Vineyards interested in creating compelling and attractive labels for their wines have to jump a few regulatory hurdles to even get to that point. Even seemingly innocuous wording choices on bottles may fall afoul of the laws that govern the industry. Learning about and obliging these rules are steps on the road to effective wine labeling, and brands can't afford to skip them.
Texas grape labeling targeted for changes
A bill making its way through the Texas House of Representatives is designed to legislate the way wineries label their products' regional origins. Bearing in mind that these brands consider their locations to be part of their identities and marketing strategies, the bill has drawn attention from the Texas Wine and Grape Growers Association, according to local news outlet KAUZ.
The new law would require Texas wines to be entirely made from grapes grown in the state if they want to use "Texas" as a label identifier. The national standard, enforced by the Bureau of Alcohol, Tobacco, Firearms and Explosives, calls for 75 percent or more of a wine's grapes to come from its stated state of origin.
The growers group is against the move, with growers explaining to KAUZ that it's common to combine grapes of multiple sources, especially when producing varieties that aren't typically grown in the state. Blue Ostrich Winery's Patrick Whitehead explained that his company is 15 percent Riesling. Those grapes are uncommon in Texas, so the winery imports them from New Mexico. Furthermore, vintners worry that if harsh weather harms a crop, they'll lose the ability to fill in with out-of-state grapes.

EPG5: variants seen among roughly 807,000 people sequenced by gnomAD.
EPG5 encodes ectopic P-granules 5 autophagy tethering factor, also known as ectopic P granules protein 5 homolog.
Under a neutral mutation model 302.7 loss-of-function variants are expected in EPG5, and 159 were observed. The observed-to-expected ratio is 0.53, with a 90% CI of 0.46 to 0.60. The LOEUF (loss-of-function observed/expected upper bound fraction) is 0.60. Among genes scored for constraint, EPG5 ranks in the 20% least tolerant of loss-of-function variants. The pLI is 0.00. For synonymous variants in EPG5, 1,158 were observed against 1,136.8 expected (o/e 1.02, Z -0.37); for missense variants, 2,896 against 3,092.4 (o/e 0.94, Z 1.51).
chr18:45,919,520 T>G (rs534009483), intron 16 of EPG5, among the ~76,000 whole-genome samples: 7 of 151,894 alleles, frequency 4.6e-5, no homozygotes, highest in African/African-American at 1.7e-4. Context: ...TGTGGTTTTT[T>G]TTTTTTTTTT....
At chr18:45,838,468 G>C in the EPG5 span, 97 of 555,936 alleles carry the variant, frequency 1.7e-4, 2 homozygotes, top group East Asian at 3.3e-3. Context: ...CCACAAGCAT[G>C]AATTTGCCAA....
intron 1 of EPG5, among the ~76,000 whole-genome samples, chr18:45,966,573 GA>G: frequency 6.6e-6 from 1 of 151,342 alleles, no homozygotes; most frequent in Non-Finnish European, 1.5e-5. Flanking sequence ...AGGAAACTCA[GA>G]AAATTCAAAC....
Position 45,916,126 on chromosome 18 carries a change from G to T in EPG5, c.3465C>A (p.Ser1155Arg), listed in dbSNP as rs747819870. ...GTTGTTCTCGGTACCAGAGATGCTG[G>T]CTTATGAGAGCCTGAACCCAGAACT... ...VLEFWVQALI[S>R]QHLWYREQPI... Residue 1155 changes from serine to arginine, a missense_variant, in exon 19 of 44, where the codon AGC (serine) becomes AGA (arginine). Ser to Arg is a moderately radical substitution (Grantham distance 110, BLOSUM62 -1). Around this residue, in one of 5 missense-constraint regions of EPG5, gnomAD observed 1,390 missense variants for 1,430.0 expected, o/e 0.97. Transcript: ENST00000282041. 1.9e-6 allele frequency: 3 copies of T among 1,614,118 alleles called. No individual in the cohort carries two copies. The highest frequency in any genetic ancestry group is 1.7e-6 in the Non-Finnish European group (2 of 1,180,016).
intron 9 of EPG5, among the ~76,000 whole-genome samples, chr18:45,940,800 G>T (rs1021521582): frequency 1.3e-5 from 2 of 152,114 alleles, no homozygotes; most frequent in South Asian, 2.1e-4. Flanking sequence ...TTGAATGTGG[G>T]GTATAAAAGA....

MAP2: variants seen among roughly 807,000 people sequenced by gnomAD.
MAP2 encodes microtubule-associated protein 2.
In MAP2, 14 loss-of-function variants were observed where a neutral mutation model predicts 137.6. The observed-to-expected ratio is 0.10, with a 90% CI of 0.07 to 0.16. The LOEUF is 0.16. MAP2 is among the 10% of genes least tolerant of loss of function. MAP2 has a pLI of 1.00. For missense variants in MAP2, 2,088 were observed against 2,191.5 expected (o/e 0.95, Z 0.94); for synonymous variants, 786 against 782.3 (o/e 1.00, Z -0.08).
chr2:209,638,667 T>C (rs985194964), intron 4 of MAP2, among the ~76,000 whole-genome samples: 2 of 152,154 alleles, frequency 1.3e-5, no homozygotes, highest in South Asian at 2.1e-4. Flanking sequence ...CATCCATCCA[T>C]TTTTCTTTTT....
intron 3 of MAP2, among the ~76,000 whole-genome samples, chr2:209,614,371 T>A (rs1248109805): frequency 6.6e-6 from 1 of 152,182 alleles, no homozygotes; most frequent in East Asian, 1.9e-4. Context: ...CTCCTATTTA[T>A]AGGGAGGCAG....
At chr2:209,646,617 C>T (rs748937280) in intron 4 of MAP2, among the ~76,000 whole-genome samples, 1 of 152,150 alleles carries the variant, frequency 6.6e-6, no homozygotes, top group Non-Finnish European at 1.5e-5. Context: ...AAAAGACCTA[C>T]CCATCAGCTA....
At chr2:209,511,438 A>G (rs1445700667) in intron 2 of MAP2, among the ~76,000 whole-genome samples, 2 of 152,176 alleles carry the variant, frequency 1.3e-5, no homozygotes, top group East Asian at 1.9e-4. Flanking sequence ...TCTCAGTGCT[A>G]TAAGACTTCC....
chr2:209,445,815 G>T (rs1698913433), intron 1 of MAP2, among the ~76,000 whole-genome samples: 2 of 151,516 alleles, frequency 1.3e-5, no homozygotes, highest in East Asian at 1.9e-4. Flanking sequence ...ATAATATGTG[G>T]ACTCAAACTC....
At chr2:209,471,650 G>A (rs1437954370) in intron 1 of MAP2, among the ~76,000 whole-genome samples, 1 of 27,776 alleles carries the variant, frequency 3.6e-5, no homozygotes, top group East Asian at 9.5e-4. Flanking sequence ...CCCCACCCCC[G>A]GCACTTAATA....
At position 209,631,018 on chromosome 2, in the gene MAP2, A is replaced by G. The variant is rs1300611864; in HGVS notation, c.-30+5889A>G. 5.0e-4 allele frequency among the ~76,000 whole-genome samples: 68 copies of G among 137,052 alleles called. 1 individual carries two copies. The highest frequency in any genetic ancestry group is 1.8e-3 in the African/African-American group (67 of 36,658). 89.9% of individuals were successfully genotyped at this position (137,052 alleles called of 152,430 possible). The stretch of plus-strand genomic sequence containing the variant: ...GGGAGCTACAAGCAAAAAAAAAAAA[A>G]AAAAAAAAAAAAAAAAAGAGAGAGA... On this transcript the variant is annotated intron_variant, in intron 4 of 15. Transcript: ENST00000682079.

No champagne outside of Champagne
Of course, any new wine labeling law will inevitably seem trifling compared to the gold standard in regional requirements – the dictum that U.S. sparkling wines are not champagne, as they do not come from the Champagne region of France. Palate Press recently pointed out that a few American vineyards have been grandfathered in using this word, provided they were already doing so when the law was signed.
The source then added that even among Americans with the ability to print "champagne" on labels, many don't. In fact, many California vineyards are setting up satellite operations to make champagne – in Champagne.
Once vineyards have determined that they are properly using the terms and identifiers on their labels, it's time to maximize the appearance of the labels themselves. Vintners interested in creating attractive labels in-house can turn to the Afinia L801, available in our U.S. store and Canadian store.